Then there was the board that agreed to waive the company's conflict of interest rules to allow the CEO to pursue new business opportunities. That board oversaw a Houston energy firm called Enron Corp.

"Boards have almost always done a good job in an emergency," Minnow says, "but they have often done a bad job in preventing emergencies."

It's not surprising that directors don't challenge CEOs, because they're often hand-picked by that very same CEO. Too often, observers say, they're even his friends.

When Michael Eisner was CEO of the Walt Disney Corp., the board at one time included his lawyer, his architect, and the principal of an elementary school attended by one of his children, according to Business Week magazine.

In the wake of Enron and other corporate scandals, there have been pushes for changes. Shareholders at many companies have gotten more aggressive.

Minnow says shareholders at some companies have successfully lobbied for rules requiring that directors receive approval from at least 50 percent of shareholders. That rule comes because director elections typically are uncontested, with just one vote getting a candidate on the board.

Minnow would also like to see the adoption of measures that would tie director pay to corporate performance, and a rule that would forbid directors from cashing in stock options until they've been off the board for three years.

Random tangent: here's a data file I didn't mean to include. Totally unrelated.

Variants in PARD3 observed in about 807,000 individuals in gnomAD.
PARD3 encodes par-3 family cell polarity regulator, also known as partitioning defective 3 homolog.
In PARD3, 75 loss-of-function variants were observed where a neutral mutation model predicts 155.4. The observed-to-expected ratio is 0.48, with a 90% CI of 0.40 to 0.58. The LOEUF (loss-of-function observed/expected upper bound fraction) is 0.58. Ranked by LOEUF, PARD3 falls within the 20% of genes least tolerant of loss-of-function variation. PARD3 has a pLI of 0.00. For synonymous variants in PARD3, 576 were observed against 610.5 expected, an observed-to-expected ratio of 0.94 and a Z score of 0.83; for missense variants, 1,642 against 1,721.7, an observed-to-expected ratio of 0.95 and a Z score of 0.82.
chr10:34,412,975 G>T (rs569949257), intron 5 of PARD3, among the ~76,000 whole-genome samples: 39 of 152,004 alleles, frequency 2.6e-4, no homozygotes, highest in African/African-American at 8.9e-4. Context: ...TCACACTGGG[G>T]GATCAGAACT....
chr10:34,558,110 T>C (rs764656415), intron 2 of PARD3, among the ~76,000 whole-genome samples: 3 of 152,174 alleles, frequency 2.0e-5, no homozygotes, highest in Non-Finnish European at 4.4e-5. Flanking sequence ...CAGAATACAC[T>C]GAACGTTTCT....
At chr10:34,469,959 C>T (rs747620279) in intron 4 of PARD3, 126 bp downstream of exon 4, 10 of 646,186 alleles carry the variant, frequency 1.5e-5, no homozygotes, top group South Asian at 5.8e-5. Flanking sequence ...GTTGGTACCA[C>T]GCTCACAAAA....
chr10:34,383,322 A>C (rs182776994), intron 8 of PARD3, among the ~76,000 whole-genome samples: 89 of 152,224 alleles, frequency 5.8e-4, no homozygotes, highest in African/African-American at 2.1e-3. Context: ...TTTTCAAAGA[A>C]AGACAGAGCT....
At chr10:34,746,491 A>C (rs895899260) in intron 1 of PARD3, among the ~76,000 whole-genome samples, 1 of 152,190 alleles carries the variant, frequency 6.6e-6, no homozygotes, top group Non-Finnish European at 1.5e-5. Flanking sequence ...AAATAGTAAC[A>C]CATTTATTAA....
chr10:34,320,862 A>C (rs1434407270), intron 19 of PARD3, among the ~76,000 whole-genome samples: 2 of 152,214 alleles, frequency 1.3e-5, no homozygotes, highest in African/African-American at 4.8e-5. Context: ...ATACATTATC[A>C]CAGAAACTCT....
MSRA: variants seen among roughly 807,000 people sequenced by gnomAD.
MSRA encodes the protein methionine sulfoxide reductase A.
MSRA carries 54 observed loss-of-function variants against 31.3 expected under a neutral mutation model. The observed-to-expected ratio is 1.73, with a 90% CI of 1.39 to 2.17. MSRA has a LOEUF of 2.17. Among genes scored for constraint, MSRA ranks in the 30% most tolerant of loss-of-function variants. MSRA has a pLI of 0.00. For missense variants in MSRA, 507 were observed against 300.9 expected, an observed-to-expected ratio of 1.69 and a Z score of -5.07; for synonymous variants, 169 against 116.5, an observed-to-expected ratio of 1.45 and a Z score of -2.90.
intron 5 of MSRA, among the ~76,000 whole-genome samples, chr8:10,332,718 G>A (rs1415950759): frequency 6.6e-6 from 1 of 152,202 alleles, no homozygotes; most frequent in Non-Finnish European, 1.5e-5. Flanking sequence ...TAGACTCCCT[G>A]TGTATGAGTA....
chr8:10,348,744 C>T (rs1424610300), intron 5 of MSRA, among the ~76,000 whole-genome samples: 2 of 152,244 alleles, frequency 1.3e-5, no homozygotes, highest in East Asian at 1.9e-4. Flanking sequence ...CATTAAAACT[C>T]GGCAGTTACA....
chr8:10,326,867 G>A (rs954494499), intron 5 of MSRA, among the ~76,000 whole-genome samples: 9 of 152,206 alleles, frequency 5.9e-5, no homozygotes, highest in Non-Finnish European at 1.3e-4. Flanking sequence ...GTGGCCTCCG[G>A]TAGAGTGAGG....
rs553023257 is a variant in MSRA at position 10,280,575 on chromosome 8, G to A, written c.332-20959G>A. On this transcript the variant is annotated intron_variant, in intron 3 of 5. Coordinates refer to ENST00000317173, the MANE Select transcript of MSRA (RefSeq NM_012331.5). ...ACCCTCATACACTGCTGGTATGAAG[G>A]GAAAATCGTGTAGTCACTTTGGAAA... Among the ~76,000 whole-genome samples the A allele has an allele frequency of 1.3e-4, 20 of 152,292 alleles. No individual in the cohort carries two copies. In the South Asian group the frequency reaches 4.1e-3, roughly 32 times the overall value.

Still, some worry that there may be too many rules, and shareholders may be getting too aggressive with directors.

Martin Lipton, an attorney at New York City's Wachetell, Lipton, Rosen & Katz, says shareholder activism - and particularly litigation being filed by shareholders - is a threat to American business.

"Proliferating lawsuits, certification requirements, and governance rules, as well as the increased threat of personal liability," Lipton said in a May speech to the Institute on Federal Securities in Miami, "are forcing boards to spend more time and energy on compliance, due diligence and investigations, and less on the actual business of their companies."

"This shift in focus," he added, "tends to create a wall between the board and the CEO."

Lipton wonders if the hassle factor will keep qualified people from serving on boards.

And most observers agree that good boards are stocked with folks who are qualified to bring specialized expertise to the meetings. Good boards also have members who have the time to devote to the job, which The Corporate Library estimates should take up about 250 to 300 hours annually.

"The problem with boards often is that you have individuals who are on too many boards," Miesling says. "How can you be knowledgeable about what's going on?"

Michael Hurley, a business professor at The College of Saint Rose in Albany, has served on three boards, and he believes they did their job well.

But well doesn't necessarily equal efficiency.

"There's arguments and different points of view, there's no doubt about that," Hurley says. "There's aggravation at times, but it brings issues out."

Unfortunately for investors, observers say it's very hard for an outsider to know if a board is performing well. Investors can perhaps assess whether a board is well-qualified - but even a well-qualified board may be failing to challenge corporate executives.

"How would you really know, unless you're sitting in on the meetings?" Miesling says.

Chris Churchill can be reached at 454-5442 or by e-mail at